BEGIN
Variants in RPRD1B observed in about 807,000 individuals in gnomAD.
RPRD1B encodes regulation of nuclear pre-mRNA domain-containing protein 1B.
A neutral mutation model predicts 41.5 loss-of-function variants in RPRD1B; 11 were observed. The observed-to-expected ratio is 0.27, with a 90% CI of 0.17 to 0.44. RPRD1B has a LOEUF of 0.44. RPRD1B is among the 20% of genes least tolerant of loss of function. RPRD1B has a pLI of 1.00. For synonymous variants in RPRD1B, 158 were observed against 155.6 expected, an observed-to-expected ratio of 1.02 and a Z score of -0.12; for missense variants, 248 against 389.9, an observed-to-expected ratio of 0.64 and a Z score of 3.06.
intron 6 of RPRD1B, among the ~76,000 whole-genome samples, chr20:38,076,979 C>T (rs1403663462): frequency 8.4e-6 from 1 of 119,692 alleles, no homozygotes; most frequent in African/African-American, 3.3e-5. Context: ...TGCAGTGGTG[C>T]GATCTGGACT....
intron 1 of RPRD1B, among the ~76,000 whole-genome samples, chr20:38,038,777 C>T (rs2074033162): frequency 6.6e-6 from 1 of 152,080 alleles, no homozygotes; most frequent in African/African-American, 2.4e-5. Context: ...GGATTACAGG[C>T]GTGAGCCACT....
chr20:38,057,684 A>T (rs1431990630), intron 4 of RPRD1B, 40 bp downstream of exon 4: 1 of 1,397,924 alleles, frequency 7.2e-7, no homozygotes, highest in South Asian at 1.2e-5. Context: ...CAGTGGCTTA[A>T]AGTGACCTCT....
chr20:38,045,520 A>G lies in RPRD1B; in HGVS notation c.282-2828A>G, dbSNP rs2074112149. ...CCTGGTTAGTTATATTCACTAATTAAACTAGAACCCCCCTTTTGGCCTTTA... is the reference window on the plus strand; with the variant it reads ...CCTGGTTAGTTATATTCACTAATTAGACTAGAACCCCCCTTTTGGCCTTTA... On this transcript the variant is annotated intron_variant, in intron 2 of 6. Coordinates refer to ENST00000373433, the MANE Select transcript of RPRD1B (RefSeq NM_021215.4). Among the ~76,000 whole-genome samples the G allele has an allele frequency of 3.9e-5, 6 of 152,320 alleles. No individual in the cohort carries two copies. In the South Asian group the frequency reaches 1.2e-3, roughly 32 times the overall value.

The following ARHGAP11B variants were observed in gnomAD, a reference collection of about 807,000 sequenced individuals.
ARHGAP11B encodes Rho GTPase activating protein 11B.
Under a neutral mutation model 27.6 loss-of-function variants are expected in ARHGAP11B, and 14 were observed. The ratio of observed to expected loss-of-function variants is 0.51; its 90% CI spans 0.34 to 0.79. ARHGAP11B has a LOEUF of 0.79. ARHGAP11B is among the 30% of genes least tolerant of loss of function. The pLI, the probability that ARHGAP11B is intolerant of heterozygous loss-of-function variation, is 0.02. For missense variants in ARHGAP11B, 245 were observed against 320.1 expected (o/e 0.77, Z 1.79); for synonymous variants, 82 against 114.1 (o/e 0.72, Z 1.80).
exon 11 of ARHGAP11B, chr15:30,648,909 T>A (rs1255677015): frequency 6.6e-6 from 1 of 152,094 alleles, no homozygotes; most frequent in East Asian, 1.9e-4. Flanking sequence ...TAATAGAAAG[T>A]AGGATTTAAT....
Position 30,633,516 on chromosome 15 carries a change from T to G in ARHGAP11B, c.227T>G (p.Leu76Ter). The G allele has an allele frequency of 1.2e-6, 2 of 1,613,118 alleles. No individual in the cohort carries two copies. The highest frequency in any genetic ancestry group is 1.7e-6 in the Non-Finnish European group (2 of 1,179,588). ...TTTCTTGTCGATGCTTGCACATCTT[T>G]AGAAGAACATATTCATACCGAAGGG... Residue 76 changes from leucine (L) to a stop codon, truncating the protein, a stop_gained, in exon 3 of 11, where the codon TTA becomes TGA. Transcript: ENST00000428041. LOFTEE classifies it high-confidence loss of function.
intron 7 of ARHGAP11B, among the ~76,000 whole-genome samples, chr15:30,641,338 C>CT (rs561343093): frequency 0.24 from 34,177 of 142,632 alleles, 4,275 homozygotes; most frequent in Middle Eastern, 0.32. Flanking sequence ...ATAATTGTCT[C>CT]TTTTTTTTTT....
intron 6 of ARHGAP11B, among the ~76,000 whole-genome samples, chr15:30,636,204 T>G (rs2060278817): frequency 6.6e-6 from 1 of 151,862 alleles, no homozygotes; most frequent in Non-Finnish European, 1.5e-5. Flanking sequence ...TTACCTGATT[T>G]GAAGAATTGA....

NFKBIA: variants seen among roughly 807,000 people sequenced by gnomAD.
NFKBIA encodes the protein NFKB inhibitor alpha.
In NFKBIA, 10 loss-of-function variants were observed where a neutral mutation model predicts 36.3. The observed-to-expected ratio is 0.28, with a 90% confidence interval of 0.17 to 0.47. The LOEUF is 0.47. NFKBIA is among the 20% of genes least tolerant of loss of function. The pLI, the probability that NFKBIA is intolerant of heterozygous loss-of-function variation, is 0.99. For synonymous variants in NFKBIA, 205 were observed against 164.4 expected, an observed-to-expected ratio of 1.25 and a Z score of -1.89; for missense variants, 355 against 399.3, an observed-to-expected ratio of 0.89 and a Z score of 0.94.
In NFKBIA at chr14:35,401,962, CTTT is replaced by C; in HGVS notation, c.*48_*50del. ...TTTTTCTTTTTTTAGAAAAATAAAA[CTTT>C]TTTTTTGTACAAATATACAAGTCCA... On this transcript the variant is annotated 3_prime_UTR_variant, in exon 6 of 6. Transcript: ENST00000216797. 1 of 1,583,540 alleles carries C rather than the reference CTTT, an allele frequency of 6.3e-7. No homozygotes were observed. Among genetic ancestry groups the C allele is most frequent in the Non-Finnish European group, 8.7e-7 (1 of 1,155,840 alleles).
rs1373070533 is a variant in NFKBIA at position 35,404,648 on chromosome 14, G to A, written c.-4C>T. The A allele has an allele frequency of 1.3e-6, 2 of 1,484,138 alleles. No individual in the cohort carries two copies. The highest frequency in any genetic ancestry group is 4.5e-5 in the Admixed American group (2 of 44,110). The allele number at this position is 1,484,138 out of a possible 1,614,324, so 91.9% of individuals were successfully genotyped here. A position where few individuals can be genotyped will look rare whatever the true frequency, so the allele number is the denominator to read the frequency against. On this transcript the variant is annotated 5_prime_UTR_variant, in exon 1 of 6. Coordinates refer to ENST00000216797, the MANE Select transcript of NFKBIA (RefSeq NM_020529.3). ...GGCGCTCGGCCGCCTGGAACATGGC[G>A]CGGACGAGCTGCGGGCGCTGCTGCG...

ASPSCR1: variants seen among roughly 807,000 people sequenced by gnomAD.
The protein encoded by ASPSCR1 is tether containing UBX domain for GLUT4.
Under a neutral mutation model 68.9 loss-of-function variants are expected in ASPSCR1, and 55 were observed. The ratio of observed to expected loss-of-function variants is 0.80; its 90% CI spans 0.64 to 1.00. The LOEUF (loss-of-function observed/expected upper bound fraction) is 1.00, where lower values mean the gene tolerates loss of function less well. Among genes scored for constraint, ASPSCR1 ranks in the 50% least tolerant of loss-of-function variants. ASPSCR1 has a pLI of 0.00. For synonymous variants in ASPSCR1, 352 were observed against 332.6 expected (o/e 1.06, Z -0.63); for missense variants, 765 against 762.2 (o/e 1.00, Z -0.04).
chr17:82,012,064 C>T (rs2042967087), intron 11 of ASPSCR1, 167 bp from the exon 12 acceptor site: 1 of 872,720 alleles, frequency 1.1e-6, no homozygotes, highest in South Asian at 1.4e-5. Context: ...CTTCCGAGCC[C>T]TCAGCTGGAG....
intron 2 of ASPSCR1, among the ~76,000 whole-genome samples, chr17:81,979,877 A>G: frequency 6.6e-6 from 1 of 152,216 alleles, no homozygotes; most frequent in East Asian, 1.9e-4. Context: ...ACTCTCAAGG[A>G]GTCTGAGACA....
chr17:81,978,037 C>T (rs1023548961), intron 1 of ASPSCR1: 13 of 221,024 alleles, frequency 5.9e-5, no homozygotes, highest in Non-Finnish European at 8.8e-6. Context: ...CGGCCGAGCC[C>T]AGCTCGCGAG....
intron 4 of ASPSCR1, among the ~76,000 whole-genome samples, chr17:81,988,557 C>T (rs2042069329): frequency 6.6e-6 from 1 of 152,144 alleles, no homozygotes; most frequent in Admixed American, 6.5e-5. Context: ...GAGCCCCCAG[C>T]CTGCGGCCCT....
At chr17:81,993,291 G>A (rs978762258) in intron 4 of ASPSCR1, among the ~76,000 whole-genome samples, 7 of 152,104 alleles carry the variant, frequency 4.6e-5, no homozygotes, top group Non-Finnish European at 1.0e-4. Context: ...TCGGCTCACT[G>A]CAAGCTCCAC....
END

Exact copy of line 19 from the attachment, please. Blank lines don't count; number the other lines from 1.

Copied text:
rs1373070533 is a variant in NFKBIA at position 35,404,648 on chromosome 14, G to A, written c.-4C>T. The A allele has an allele frequency of 1.3e-6, 2 of 1,484,138 alleles. No individual in the cohort carries two copies. The highest frequency in any genetic ancestry group is 4.5e-5 in the Admixed American group (2 of 44,110). The allele number at this position is 1,484,138 out of a possible 1,614,324, so 91.9% of individuals were successfully genotyped here. A position where few individuals can be genotyped will look rare whatever the true frequency, so the allele number is the denominator to read the frequency against. On this transcript the variant is annotated 5_prime_UTR_variant, in exon 1 of 6. Coordinates refer to ENST00000216797, the MANE Select transcript of NFKBIA (RefSeq NM_020529.3). ...GGCGCTCGGCCGCCTGGAACATGGC[G>A]CGGACGAGCTGCGGGCGCTGCTGCG...